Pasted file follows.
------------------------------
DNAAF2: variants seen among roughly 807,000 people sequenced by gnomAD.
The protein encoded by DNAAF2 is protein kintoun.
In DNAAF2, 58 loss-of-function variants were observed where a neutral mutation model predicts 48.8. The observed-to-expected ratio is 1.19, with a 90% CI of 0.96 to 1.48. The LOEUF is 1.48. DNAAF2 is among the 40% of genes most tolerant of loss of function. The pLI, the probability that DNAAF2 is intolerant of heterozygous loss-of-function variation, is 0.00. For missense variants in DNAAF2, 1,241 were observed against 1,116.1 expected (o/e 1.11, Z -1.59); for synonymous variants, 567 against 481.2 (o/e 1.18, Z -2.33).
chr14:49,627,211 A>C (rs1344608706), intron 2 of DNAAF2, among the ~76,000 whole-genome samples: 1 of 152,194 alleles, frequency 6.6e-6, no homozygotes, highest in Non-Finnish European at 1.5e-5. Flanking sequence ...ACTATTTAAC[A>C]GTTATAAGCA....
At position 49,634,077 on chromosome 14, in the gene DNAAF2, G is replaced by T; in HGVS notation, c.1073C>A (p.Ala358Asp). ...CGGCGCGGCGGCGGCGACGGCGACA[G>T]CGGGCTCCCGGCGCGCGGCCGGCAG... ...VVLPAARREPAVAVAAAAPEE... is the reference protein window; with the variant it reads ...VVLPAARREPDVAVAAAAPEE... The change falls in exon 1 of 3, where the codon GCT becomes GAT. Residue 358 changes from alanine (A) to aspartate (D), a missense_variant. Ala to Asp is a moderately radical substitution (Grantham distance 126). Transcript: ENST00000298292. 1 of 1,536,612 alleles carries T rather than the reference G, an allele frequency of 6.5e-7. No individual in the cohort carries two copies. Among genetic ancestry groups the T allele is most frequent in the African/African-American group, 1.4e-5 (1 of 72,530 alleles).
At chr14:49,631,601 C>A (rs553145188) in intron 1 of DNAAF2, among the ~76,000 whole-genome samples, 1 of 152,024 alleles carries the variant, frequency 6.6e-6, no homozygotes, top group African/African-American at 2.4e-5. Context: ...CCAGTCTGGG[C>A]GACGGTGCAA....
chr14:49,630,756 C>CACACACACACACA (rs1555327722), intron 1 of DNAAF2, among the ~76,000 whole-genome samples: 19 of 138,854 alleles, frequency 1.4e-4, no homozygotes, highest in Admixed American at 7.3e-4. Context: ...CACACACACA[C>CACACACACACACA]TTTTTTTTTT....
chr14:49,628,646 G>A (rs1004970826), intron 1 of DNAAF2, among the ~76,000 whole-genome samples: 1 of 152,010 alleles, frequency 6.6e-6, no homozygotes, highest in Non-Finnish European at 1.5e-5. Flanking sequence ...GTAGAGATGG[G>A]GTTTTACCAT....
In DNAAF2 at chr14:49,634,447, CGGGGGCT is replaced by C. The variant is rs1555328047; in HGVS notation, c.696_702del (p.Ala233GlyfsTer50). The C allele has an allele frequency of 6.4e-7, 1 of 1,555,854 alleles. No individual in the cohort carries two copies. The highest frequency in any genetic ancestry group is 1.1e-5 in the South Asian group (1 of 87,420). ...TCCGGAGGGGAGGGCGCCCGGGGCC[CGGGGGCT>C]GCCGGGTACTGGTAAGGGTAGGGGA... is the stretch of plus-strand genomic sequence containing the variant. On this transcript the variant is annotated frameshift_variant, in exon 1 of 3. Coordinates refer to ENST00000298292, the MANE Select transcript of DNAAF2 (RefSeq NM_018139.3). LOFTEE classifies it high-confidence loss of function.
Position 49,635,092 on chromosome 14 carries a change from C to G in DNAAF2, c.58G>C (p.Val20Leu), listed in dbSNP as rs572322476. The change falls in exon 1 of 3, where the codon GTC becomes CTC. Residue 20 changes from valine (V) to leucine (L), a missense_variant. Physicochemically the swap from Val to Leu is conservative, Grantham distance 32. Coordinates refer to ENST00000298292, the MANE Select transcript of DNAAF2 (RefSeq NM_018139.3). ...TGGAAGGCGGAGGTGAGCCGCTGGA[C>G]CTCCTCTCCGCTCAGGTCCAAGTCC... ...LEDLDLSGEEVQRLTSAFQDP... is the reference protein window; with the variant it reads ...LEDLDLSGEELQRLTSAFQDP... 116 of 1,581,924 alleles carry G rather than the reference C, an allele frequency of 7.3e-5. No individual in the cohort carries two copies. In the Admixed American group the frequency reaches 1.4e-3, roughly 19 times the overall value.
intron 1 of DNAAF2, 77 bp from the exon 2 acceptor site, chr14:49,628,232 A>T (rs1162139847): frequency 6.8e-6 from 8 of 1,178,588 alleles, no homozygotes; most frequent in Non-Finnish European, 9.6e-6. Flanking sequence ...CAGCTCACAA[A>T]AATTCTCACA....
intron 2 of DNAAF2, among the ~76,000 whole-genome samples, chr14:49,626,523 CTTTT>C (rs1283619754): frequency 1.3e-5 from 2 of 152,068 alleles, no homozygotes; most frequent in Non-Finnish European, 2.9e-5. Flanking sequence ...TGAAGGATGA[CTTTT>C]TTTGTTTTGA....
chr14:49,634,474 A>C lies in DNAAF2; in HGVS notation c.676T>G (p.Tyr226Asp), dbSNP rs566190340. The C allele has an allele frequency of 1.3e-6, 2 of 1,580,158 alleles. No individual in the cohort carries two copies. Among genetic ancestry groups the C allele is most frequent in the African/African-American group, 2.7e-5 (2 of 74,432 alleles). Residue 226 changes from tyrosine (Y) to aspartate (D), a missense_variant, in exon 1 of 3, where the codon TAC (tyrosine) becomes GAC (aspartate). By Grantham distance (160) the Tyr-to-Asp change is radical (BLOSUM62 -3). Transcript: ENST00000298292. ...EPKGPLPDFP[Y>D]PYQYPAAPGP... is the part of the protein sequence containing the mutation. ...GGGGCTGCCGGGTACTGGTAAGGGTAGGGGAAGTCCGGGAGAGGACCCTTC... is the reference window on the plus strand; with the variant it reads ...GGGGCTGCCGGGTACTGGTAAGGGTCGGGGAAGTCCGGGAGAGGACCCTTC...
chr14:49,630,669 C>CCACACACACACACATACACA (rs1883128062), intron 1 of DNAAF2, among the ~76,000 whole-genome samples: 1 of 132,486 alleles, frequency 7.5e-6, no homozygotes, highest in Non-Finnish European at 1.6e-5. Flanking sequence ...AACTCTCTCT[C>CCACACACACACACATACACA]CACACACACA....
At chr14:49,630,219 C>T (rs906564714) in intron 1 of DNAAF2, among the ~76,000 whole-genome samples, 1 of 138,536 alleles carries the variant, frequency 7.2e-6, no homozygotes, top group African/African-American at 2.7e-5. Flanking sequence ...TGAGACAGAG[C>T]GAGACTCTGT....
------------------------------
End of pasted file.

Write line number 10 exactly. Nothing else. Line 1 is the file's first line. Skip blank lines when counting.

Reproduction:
Position 49,635,092 on chromosome 14 carries a change from C to G in DNAAF2, c.58G>C (p.Val20Leu), listed in dbSNP as rs572322476. The change falls in exon 1 of 3, where the codon GTC becomes CTC. Residue 20 changes from valine (V) to leucine (L), a missense_variant. Physicochemically the swap from Val to Leu is conservative, Grantham distance 32. Coordinates refer to ENST00000298292, the MANE Select transcript of DNAAF2 (RefSeq NM_018139.3). ...TGGAAGGCGGAGGTGAGCCGCTGGA[C>G]CTCCTCTCCGCTCAGGTCCAAGTCC... ...LEDLDLSGEEVQRLTSAFQDP... is the reference protein window; with the variant it reads ...LEDLDLSGEELQRLTSAFQDP... 116 of 1,581,924 alleles carry G rather than the reference C, an allele frequency of 7.3e-5. No individual in the cohort carries two copies. In the Admixed American group the frequency reaches 1.4e-3, roughly 19 times the overall value.